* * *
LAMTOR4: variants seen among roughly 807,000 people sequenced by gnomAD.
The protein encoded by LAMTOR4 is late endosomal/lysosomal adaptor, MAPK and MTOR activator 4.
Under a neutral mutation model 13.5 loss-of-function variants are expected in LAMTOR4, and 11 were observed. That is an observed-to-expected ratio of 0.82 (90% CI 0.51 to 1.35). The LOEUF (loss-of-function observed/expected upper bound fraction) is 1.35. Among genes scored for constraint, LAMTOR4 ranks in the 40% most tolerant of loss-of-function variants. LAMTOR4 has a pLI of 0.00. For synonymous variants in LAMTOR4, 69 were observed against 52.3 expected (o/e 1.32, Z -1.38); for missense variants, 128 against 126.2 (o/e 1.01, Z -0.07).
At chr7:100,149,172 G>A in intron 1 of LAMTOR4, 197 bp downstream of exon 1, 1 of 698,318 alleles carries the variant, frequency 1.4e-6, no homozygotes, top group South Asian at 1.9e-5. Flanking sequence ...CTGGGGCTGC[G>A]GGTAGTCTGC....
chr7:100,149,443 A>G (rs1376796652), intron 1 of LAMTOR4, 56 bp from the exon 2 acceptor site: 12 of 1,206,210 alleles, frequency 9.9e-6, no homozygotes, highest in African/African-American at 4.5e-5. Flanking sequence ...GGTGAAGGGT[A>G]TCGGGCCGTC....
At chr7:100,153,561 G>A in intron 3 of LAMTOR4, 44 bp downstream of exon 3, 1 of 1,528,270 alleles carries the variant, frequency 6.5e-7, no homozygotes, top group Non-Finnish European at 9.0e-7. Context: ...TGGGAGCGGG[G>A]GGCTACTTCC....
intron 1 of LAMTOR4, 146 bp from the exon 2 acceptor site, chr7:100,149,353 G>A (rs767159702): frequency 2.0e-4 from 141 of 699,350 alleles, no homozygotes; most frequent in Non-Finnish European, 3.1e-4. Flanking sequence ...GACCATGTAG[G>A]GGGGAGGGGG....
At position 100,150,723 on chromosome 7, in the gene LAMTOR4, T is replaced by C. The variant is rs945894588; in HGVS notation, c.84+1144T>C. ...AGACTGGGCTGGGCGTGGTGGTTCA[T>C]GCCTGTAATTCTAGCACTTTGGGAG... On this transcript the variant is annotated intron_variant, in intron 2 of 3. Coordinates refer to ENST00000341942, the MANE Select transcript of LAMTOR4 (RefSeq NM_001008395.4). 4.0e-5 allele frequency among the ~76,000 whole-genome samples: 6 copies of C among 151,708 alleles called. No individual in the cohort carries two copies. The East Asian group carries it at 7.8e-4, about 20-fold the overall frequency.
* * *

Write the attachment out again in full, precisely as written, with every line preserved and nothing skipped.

LAMTOR4: variants seen among roughly 807,000 people sequenced by gnomAD.
The protein encoded by LAMTOR4 is late endosomal/lysosomal adaptor, MAPK and MTOR activator 4.
Under a neutral mutation model 13.5 loss-of-function variants are expected in LAMTOR4, and 11 were observed. That is an observed-to-expected ratio of 0.82 (90% CI 0.51 to 1.35). The LOEUF (loss-of-function observed/expected upper bound fraction) is 1.35. Among genes scored for constraint, LAMTOR4 ranks in the 40% most tolerant of loss-of-function variants. LAMTOR4 has a pLI of 0.00. For synonymous variants in LAMTOR4, 69 were observed against 52.3 expected (o/e 1.32, Z -1.38); for missense variants, 128 against 126.2 (o/e 1.01, Z -0.07).
At chr7:100,149,172 G>A in intron 1 of LAMTOR4, 197 bp downstream of exon 1, 1 of 698,318 alleles carries the variant, frequency 1.4e-6, no homozygotes, top group South Asian at 1.9e-5. Flanking sequence ...CTGGGGCTGC[G>A]GGTAGTCTGC....
chr7:100,149,443 A>G (rs1376796652), intron 1 of LAMTOR4, 56 bp from the exon 2 acceptor site: 12 of 1,206,210 alleles, frequency 9.9e-6, no homozygotes, highest in African/African-American at 4.5e-5. Flanking sequence ...GGTGAAGGGT[A>G]TCGGGCCGTC....
At chr7:100,153,561 G>A in intron 3 of LAMTOR4, 44 bp downstream of exon 3, 1 of 1,528,270 alleles carries the variant, frequency 6.5e-7, no homozygotes, top group Non-Finnish European at 9.0e-7. Context: ...TGGGAGCGGG[G>A]GGCTACTTCC....
intron 1 of LAMTOR4, 146 bp from the exon 2 acceptor site, chr7:100,149,353 G>A (rs767159702): frequency 2.0e-4 from 141 of 699,350 alleles, no homozygotes; most frequent in Non-Finnish European, 3.1e-4. Flanking sequence ...GACCATGTAG[G>A]GGGGAGGGGG....
At position 100,150,723 on chromosome 7, in the gene LAMTOR4, T is replaced by C. The variant is rs945894588; in HGVS notation, c.84+1144T>C. ...AGACTGGGCTGGGCGTGGTGGTTCA[T>C]GCCTGTAATTCTAGCACTTTGGGAG... On this transcript the variant is annotated intron_variant, in intron 2 of 3. Coordinates refer to ENST00000341942, the MANE Select transcript of LAMTOR4 (RefSeq NM_001008395.4). 4.0e-5 allele frequency among the ~76,000 whole-genome samples: 6 copies of C among 151,708 alleles called. No individual in the cohort carries two copies. The East Asian group carries it at 7.8e-4, about 20-fold the overall frequency.